Where to Find International Statistics?

International statistics are essential to compare countries, understand economic or social issues and develop adequate policies. Governments, journalists, economists, researchers but also private companies need more and more reliable data in their daily work. International statistics cover topics such as population, economic growth, education, employment, poverty, gender, sustainable development, health patterns, agriculture production, environmental issues, communication, and violence.

Data and statistics collected by International Organizations are often accessible only through their websites, or through specialized portals, such as UNData. Therefore, getting access to relevant data can take long and require accessing various websites and dealing with many different formats. In addition, these websites are usually designed as a repository for the whole information produced by the organization, and it is difficult for non-specialist users to find the information they are looking for among thousands of very detailed statistical series.

Since several years, websites have been developed to fill this gap and provide the user with easier and free access to data provided by these International Organizations. They usually contain a selection of indicators, selected to meet the most important needs of decision-makers, analysts, journalists, researchers, students and other users.

All indicators can be searched, visualized as tables, maps or graphs, and downloaded for further processing. Data are collected data directly or indirectly from International Organizations, usually through specific agreement, and provided as such. Some websites include metadata (definitions, footnotes… ), and others just give the data without this yet indispensable information.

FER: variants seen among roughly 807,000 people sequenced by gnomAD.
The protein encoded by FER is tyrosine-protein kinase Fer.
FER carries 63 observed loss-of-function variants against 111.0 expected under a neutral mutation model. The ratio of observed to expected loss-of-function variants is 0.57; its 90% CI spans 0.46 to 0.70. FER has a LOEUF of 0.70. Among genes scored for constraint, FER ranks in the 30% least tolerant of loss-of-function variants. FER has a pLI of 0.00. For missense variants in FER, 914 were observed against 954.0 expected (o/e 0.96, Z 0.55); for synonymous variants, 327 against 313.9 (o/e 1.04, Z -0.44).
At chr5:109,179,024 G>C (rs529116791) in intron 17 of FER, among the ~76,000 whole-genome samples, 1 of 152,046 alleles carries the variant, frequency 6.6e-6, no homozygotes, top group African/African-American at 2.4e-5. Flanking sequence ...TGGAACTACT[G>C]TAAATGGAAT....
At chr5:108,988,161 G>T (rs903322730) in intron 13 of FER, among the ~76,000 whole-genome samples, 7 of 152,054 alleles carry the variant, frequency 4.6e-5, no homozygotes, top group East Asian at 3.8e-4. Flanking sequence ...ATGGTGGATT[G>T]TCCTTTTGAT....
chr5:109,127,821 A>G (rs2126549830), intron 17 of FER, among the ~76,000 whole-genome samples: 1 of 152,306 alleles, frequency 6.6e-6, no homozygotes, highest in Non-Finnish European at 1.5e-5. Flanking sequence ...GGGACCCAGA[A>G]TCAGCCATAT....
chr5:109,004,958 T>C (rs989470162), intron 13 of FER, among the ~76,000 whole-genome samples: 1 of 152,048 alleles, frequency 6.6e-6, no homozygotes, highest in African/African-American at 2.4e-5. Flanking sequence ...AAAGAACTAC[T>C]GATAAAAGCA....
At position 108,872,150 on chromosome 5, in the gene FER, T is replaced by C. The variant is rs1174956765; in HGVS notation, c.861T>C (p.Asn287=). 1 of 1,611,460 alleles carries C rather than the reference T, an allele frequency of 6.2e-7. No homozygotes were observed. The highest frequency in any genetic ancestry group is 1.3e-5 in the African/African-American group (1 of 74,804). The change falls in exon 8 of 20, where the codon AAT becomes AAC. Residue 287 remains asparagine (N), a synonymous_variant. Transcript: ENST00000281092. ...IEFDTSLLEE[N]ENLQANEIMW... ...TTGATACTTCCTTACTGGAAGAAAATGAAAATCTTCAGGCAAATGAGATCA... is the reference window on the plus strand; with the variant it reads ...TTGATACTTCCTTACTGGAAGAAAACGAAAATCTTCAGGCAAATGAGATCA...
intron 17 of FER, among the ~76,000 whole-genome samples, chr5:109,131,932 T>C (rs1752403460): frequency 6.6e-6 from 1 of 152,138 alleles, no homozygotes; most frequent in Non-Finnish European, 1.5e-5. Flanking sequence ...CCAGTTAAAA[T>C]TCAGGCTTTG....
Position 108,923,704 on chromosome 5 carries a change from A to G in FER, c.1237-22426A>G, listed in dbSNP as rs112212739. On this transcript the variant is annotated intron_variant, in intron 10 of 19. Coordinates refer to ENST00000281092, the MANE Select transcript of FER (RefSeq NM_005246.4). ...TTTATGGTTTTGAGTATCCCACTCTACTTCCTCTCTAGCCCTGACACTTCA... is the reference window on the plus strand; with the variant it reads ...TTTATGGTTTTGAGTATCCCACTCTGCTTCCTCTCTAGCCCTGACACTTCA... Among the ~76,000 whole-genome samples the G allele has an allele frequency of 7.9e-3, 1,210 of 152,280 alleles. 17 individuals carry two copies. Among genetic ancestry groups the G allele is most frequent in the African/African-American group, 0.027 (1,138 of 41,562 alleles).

The objective is to help users understand the World. One can look for data, compare countries, and discover the reality hidden behind the figures. Questions such as “what is the population of Brazil?”, “are they more internet users in China than in India?”, “what is the economic growth rate of Philippines over the last 10 years”, or “what is the country with the highest crime rate” can be answered in a few clicks and the results visualized and stored.

The challenge for these websites is to find a good balance between quality and quantity. The more they include indicators, the more users may be drowned in an ocean of statistics. One looking after GDP per capita of a country may find more than 200 indicators for the same request (for example, in current US$, in current local currency unit, in US$ of 2000… ). The choice of indicators is thus critical to combine effectiveness and efficiency. Therefore, the voice of the users should be listened to, for example via feedback functionality, by offering the possibility to request new indicators by contacting the publisher, but also by analysing the most popular searches.

Updating is another challenge. To be credible, such sites must be regularly updated as soon as new data or revisions are available. This imply constant alert and direct link with the producers.

In a world of Big Data, where in theory everybody can access all information, there is still a need for statisticians that are able to collect, control and disseminate relevant and reliable data.

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